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Content

In Vapor 3, all content types (JSON, protobuf, URLEncodedForm, Multipart, etc) are treated the same. All you need to parse and serialize content is a Codable class or struct.

For this introduction, we will use JSON as an example. But keep in mind the API is the same for any supported content type.

Request

Let's take a look at how you would parse the following HTTP request.

POST /login HTTP/1.1
Content-Type: application/json

{
    "email": "user@vapor.codes",
    "password": "don't look!"
}

First, create a struct or class that represents the data you expect.

import Vapor

struct LoginRequest: Content {
    var email: String
    var password: String
}

Then simply conform this struct or class to Content. Now we are ready to decode that HTTP request.

router.post("login") { req -> Future<HTTPStatus> in
    return req.content.decode(LoginRequest.self).map(to: HTTPStatus.self) { loginRequest in
        print(loginRequest.email) // user@vapor.codes
        print(loginRequest.password) // don't look!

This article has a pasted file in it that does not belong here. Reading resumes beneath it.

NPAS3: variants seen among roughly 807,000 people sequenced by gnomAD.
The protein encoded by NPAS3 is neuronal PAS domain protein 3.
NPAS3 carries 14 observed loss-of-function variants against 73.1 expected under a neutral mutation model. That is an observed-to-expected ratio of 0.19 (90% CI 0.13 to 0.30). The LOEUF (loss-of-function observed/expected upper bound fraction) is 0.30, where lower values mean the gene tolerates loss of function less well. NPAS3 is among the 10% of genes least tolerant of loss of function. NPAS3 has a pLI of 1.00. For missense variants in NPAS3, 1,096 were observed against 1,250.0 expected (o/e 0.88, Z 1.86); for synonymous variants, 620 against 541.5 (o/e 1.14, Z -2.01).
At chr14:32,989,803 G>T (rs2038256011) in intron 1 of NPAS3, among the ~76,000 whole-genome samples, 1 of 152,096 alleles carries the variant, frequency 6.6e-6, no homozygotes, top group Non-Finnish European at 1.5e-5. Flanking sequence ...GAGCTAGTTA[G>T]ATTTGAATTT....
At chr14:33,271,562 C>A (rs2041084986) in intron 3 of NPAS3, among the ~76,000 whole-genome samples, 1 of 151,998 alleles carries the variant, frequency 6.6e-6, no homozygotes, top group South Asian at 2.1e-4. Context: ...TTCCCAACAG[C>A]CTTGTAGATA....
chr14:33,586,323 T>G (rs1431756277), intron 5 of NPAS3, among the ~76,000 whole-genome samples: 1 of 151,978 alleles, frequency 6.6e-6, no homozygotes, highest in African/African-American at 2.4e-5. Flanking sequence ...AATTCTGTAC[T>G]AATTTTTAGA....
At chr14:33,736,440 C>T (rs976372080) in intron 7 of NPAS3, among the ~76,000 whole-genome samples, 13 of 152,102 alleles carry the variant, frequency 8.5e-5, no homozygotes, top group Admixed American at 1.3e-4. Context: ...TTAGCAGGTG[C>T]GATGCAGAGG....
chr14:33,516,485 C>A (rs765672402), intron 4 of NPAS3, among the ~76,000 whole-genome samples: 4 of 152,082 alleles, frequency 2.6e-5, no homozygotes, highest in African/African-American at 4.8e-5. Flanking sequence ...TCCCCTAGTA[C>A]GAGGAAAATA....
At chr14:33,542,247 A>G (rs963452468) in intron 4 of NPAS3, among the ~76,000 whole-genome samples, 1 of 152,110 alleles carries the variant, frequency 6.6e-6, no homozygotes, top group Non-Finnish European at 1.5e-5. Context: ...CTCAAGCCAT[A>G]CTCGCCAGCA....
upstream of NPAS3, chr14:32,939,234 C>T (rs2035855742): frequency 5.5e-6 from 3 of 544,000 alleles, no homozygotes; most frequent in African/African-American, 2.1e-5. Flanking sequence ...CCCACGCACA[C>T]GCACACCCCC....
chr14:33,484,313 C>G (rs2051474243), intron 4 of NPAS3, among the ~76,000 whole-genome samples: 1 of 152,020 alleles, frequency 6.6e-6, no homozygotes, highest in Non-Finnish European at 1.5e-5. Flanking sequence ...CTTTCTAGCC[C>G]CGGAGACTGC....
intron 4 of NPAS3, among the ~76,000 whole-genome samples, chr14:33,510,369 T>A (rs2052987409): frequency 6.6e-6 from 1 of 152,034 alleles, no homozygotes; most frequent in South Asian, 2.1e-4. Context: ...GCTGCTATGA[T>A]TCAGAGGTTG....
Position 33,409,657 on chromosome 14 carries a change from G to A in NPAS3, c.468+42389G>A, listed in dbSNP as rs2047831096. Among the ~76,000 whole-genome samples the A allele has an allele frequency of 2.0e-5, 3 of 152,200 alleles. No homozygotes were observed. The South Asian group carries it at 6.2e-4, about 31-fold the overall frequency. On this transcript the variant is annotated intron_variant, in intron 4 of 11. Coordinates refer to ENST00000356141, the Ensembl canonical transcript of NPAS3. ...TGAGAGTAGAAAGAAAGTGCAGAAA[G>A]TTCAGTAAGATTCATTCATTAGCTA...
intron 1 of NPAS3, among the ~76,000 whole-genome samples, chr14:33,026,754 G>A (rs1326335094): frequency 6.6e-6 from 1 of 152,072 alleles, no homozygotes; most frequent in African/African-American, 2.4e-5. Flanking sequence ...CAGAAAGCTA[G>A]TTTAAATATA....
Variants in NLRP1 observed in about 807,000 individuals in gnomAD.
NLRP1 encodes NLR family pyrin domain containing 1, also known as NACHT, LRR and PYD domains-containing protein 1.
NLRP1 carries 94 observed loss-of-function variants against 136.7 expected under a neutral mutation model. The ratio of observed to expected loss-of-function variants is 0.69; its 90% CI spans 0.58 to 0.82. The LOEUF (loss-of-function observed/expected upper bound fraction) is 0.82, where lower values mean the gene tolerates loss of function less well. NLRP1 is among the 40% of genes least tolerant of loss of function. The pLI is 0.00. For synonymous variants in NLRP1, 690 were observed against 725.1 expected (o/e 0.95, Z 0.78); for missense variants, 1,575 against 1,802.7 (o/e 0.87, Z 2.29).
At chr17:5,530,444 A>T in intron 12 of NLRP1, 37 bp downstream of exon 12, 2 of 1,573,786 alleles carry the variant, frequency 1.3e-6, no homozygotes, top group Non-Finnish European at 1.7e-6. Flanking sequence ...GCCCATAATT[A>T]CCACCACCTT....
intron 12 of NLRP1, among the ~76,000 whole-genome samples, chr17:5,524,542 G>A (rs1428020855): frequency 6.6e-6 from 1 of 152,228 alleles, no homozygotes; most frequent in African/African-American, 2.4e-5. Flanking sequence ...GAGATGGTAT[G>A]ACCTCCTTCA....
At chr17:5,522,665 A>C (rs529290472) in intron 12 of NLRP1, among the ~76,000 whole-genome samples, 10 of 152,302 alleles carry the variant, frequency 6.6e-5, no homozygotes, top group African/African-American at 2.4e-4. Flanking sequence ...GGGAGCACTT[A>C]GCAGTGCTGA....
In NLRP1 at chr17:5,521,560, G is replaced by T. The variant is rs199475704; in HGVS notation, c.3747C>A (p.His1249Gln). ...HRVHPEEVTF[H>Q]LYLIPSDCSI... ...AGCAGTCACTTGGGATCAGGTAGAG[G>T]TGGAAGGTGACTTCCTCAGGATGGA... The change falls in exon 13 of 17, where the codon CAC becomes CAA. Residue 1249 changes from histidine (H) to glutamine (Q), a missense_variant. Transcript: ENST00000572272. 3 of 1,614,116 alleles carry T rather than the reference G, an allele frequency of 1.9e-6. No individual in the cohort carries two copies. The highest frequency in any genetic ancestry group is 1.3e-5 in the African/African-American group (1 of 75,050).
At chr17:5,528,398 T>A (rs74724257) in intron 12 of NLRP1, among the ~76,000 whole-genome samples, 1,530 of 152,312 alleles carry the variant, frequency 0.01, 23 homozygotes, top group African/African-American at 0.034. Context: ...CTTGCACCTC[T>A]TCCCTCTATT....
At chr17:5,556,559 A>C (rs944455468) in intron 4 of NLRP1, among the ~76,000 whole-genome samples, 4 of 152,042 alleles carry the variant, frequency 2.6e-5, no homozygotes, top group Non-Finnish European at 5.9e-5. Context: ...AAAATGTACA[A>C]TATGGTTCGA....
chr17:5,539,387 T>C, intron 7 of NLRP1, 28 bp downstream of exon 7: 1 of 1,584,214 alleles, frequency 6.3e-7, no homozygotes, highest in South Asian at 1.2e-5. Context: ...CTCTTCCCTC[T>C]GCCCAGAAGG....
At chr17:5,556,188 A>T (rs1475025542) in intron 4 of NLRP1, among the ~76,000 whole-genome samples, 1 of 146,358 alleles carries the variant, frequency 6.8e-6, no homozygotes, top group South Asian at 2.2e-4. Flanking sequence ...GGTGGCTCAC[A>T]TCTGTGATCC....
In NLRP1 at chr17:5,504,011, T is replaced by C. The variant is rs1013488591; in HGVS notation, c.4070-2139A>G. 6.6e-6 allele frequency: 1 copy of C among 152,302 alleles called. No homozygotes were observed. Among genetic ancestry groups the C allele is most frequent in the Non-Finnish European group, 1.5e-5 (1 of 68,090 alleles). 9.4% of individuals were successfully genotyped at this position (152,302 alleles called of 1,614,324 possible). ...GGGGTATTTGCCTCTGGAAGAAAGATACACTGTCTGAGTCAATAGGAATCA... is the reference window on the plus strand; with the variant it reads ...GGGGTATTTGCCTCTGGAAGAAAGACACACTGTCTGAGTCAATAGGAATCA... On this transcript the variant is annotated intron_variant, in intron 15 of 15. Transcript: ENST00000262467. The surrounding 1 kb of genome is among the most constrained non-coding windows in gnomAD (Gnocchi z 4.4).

return .ok
    }
}

We use .map(to:) here since req.content.decode(_:) returns a future.

Response

Let's take a look at how you would create the following HTTP response.

HTTP/1.1 200 OK
Content-Type: application/json

{
    "name": "Vapor User",
    "email": "user@vapor.codes"
}

Just like decoding, first create a struct or class that represents the data that you are expecting.

import Vapor

struct User: Content {
    var name: String
    var email: String
}

Then just conform this struct or class to Content. Now we are ready to encode that HTTP response.

router.get("user") { req -> User in
    return User(
        name: "Vapor User",
        email: "user@vapor.codes"
    )
}

Great job! Now you know how to encode and decode data in Vapor.

Tip

See Vapor → Content for more in-depth information.

The next section in this guide is Async.

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